Watchmen: Die Wächter (2009)

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Watchmen: Die Wächter: Directed by Zack Snyder. With Malin Akerman, Billy Crudup, Matthew Goode, Jackie Earle Haley. In 1985 where former superheroes exist, the murder of a colleague sends active vigilante Rorschach into his own sprawling investigation, uncovering something that could completely change the course of history as we know it.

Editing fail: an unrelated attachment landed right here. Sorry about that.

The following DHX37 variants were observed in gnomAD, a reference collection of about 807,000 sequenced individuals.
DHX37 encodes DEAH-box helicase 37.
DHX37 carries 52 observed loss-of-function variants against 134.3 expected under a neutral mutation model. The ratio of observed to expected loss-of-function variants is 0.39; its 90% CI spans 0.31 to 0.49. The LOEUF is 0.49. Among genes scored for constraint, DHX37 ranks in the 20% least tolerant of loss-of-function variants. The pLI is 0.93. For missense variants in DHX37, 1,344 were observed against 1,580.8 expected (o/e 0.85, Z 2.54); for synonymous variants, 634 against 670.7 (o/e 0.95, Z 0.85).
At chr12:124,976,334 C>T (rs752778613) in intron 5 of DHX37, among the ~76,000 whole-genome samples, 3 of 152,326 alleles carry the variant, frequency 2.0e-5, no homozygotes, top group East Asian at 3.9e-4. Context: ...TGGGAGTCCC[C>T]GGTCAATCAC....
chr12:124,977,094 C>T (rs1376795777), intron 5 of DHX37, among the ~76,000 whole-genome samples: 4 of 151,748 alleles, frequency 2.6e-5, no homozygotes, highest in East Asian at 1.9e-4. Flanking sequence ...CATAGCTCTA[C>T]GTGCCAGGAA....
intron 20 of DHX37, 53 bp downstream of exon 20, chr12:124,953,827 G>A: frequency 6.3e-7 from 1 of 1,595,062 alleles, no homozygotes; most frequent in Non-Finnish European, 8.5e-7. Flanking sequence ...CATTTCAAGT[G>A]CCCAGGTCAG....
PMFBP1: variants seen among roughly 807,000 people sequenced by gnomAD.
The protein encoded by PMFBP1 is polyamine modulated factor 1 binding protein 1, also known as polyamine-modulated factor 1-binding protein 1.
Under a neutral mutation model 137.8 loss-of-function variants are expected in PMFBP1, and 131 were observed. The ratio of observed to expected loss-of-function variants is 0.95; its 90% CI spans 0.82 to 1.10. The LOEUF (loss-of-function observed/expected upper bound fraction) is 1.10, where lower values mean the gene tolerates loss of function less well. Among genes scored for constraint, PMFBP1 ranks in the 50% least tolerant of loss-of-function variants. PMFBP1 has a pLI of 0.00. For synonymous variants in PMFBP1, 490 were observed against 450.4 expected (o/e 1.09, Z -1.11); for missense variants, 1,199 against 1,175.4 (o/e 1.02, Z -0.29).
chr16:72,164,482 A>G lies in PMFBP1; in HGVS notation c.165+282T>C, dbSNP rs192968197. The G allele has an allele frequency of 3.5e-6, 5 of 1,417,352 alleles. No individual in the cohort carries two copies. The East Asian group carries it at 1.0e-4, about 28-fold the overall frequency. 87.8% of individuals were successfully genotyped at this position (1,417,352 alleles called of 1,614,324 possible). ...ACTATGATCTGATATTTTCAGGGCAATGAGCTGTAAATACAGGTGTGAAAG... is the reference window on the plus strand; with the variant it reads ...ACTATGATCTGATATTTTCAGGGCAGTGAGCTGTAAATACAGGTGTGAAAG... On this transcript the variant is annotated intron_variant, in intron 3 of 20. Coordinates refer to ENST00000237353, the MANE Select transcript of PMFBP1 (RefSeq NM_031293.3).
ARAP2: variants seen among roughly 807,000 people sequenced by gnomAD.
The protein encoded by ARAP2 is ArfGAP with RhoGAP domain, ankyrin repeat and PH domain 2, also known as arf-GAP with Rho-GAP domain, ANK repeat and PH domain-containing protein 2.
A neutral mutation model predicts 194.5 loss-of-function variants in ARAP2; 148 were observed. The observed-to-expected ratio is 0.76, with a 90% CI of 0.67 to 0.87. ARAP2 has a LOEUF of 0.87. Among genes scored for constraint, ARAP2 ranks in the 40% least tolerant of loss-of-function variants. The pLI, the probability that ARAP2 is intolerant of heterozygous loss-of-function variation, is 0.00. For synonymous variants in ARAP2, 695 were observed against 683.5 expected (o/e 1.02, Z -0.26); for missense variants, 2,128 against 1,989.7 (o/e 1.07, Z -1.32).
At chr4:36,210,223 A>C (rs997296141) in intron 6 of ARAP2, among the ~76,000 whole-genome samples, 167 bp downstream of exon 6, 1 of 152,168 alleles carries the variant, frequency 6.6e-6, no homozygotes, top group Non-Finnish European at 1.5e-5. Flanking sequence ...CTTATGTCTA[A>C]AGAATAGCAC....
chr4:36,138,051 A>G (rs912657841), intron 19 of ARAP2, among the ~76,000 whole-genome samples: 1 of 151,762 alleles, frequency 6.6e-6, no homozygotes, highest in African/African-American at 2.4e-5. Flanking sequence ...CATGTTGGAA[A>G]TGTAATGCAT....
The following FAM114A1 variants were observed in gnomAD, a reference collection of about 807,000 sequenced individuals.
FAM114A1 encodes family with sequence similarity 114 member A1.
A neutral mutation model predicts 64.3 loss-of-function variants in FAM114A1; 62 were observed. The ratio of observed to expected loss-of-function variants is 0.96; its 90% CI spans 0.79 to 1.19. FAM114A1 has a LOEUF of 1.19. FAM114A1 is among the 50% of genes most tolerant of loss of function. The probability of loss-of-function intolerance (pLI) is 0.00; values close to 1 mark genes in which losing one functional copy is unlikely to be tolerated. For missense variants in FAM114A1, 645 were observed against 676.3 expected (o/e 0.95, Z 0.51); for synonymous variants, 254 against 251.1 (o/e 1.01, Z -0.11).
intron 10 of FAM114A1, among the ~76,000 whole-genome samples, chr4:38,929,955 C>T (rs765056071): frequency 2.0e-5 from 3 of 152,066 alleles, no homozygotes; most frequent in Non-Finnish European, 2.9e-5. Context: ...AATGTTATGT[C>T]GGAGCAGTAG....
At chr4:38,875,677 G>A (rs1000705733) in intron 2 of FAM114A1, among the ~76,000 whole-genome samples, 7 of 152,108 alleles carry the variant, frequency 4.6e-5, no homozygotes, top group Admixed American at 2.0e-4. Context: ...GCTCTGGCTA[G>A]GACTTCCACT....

“Before anyone sees this film, Zach Snyder should be given a pat on the back. He did what a dozen directors struggled to do for twenty years: he made a Watchmen movie. It seems unthinkable that anyone could properly put the greatest graphic novel of all time on the screen. But Snyder has done pretty much that.u003cbr/u003eu003cbr/u003eWhile it is not Alan Mooreu0026#39;s Watchmen, it is the closest thing that anyone else could have put on the screen. Snyder approached the material with enough reverence that fans of the comic will appreciate the film. As Snyder has openly declared, the final act does include significant changes, but the alterations that take place fit better on the big screen than the original ending would have. It works because it cuts down on a lot of the necessary back story which Snyder could not include.u003cbr/u003eu003cbr/u003eEven though many pages of the book were not included, Snyder did take the time to try and preserve other information by including short u0026quot;historicalu0026quot; sequences in the fantastic opening title sequence. By this point, viewers will also have had a chance to appreciate the stellar, and time appropriate, soundtrack. Unlike the hard rock recordings the Snyder chose for the background of 300, Watchmenu0026#39;s background fits the tone and mood of most of the scenes. The only questionable choice was the selection of Leonard Cohenu0026#39;s u0026quot;Hallelujah,u0026quot; not because of the recording, but rather its awkward placement. Some may also question Snyderu0026#39;s inclusion of gore not present in the book. While the comic does include itu0026#39;s share of violence, Snyder did overtly change several scenes to be more violent. These changes, while flashy on film, may disturb squeamish moviegoers. However, changes aside, Snyder has captured the essence of the book and packaged it in a beautiful 2 hour and 40 minute delight. Overall, it is a satisfying film experience for someone familiar with the source material.u003cbr/u003eu003cbr/u003eBut this might be a different experience for anyone who does not know the book. There is a lot to digest, and the overwhelming visuals may distract some moviegoers from the bigger picture. The interaction of these unique characters remains an integral point to understanding this film, and when the book was pared down for the movie, the relationships of the masked adventures became a bit more forced. The best part of the comic was the glimpse of what is u0026quot;beneath the hood,u0026quot; and we have less of that in Snyderu0026#39;s adaptation. Additionally, the ending, while simplified, is still a bit convoluted.u003cbr/u003eu003cbr/u003eFans and those previously unfamiliar with Watchmen should go in with an open mind. Snyder has performed what Doctor Manhattan might deem a miracle, so it may take more than one viewing to truly appreciate this unique adaptation.”


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